If one remembers the two viewpoints of nature discussed above and the expression of spiritual beauty in which the Gothic stands supreme, he will perceive the three influences which have dominated men in the evolution of the so-called periods in art history.

No attempt will be made in this book to treat of the Italian Renaissance which is a subject far too broad to attempt in a small space. It may be possible, however, to suggest the filtration of these three great influences through Italian life, which really gives the key to the interpretation of all modern periods in France, England and the United States.

The Italian Renaissance expressed itself in three great epochs-namely, the Early, High and Decadent. The Early period was the expression of humanism in Greek forms filtered through a Gothic consciousness. The result was a dignified, strong, sincere, consistent return to nature and to the structural principles that governed the expression of man's requirements. This period is wonderfully beautiful in its conception and in its material expression.

The High period represents the same idea, but the civilization of that time called for a wider social expression, a more vigorous and versatile life, more luxury and a less formal adherence to the traditions of the past.

The Decadent period abandoned itself to fantastic conceptions and combinations of structural and decorative objects. Consequently impossible versions of nature's forms appeared, a various and incongruous treatment of these ensued, while structural proprieties were disregarded.

The inordinate display of this period is responsible in no small degree for the tawdriness and vulgarity that has characterized much of our social expression for the last one hundred years. If this is not directly traceable to the third period of the Renaissance it is so indirectly, for the worst phases of this period that showed themselves during the reigns of Louis XIV and Louis XV have been admired and frequently copied. Being accepted as representing the best in French art, they have had an influence out of proportion to their merit. The average tourist, and in fact some so-called artists, have found in the examples of this decadent style their only source of enjoyment in Italy and France, and have returned to us not even guessing the importance of what they have missed in the less obtrusive and more refined expressions of the same period.

The value of knowing thoroughly the fundamentals of any period may be recognized through the analogy in learning a language, in the study of music, and in the acquisition of knowledge in any field where expression is possible to us. From time to time, in the discussion of various periods, it will be necessary to speak of these Italian periods and of the three great influences which made them, referring to them by name or by the qualities for which they stand. The principal reason for having treated them in this way is to arouse in the mind of the reader the desire to study them carefully before attempting to know later periods or trying to interpret them as mere matters of structural form and ornamental treatment.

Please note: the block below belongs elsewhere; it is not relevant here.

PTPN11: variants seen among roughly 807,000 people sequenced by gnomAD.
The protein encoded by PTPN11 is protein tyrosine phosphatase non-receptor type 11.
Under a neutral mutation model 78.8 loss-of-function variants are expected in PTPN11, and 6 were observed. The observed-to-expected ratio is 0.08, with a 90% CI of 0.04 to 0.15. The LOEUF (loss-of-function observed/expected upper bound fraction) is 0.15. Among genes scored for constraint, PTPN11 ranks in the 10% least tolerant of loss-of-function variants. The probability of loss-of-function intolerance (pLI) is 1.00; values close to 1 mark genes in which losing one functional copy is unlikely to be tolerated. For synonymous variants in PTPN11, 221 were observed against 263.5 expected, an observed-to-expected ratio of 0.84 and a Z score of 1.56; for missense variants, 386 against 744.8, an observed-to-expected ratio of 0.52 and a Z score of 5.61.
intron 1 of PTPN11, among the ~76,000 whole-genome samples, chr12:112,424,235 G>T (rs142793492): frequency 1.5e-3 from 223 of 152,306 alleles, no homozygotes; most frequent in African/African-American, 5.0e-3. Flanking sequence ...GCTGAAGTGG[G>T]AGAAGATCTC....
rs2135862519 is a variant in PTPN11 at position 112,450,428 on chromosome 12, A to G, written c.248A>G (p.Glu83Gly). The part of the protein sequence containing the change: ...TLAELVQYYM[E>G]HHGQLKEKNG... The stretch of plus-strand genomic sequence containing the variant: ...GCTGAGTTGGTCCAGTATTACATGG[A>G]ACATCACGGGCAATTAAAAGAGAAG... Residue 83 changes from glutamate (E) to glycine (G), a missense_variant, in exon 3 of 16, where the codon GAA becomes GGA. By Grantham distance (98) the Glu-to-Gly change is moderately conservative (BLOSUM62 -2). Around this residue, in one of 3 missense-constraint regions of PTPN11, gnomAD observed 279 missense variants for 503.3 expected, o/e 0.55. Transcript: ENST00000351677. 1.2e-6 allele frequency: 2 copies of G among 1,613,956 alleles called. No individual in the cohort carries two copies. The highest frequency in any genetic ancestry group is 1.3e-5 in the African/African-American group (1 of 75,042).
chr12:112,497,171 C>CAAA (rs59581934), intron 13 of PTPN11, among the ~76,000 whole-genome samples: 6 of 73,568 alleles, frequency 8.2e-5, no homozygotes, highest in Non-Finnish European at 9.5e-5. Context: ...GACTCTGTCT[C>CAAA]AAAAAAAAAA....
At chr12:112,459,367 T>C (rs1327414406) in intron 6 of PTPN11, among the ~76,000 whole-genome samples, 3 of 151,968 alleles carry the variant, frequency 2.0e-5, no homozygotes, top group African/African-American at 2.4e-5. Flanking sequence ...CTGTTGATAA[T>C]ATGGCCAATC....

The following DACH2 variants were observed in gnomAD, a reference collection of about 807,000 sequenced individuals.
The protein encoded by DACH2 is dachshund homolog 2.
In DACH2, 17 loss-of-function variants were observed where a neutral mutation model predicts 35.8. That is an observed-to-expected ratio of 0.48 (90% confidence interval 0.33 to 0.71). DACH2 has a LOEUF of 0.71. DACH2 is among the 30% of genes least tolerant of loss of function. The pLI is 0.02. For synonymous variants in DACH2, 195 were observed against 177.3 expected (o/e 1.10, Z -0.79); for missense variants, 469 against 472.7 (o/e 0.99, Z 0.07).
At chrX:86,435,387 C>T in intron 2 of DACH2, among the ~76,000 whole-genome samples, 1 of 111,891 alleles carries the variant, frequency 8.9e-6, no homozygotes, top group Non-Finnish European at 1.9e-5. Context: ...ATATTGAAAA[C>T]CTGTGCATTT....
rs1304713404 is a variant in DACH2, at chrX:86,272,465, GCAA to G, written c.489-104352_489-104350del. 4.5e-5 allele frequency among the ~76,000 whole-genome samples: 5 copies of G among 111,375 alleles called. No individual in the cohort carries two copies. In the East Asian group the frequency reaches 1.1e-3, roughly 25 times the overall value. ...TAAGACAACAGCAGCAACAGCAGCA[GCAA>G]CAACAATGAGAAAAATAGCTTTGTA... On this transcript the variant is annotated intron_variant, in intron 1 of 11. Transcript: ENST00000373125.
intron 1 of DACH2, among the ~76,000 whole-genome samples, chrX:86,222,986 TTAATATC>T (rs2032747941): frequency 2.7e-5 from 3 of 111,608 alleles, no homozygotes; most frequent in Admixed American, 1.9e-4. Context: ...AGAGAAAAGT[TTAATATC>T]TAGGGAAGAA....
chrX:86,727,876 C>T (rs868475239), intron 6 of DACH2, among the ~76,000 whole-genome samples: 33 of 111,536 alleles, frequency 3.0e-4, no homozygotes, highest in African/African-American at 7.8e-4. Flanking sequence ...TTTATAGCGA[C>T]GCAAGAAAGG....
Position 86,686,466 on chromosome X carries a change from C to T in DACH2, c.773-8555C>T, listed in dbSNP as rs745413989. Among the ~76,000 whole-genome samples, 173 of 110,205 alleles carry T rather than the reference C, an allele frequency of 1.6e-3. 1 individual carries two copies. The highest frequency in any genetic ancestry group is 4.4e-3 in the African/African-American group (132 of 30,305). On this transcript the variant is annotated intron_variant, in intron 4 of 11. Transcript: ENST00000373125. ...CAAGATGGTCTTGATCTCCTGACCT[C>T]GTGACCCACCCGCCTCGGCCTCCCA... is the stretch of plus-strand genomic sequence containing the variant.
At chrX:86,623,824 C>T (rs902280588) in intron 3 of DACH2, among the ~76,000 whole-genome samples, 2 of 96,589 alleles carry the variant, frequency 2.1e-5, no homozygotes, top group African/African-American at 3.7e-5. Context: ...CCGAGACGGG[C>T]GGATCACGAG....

The more thoroughly one realizes the qualities which each period and each part of it represents, the more adequately is he informed as to the material from which he may draw in solving his problem, whatever it may be. The longer one studies the more convinced he is that, after all, the really vital things are very simple and few in number. The failure on the part of any of us to create a truly adequate expression of our ideas is largely due to the fact that we have missed in our research and study the fundamental truths which each object embodies.

To summarize, then, let us remember that a period has no positively definite time limit marked by the birth and death of anybody, but that three great ideas have dominated peoples, and the expression of these ideas has been their art.

Let us also remember that each period at its highest point of development is the most adequate possible expression of the ideas which dominate that era. It is necessary to keep in mind the difference between the form and the spirit of a thing. If the external form only is understood, one never knows whether a copy expresses the idea or not. It may vary in proportion and relations in such a way as to have a totally different meaning from that which it expressed when originally created. The qualities which the original embodied are permanent and, whether the same forms or different ones are used in the new creation, the qualities of the old should be apparent.

With these things clearly in mind, we may look briefly at the expressions of the French and English periods, and then we should try to see the relation of these to our own clearly defined Colonial period. Thus we may consider the modern problem, which is not the copy or reproduction of any period but the knowledge of the forces and qualities of all periods and the adaptation of these to modern social, political and religious requirements.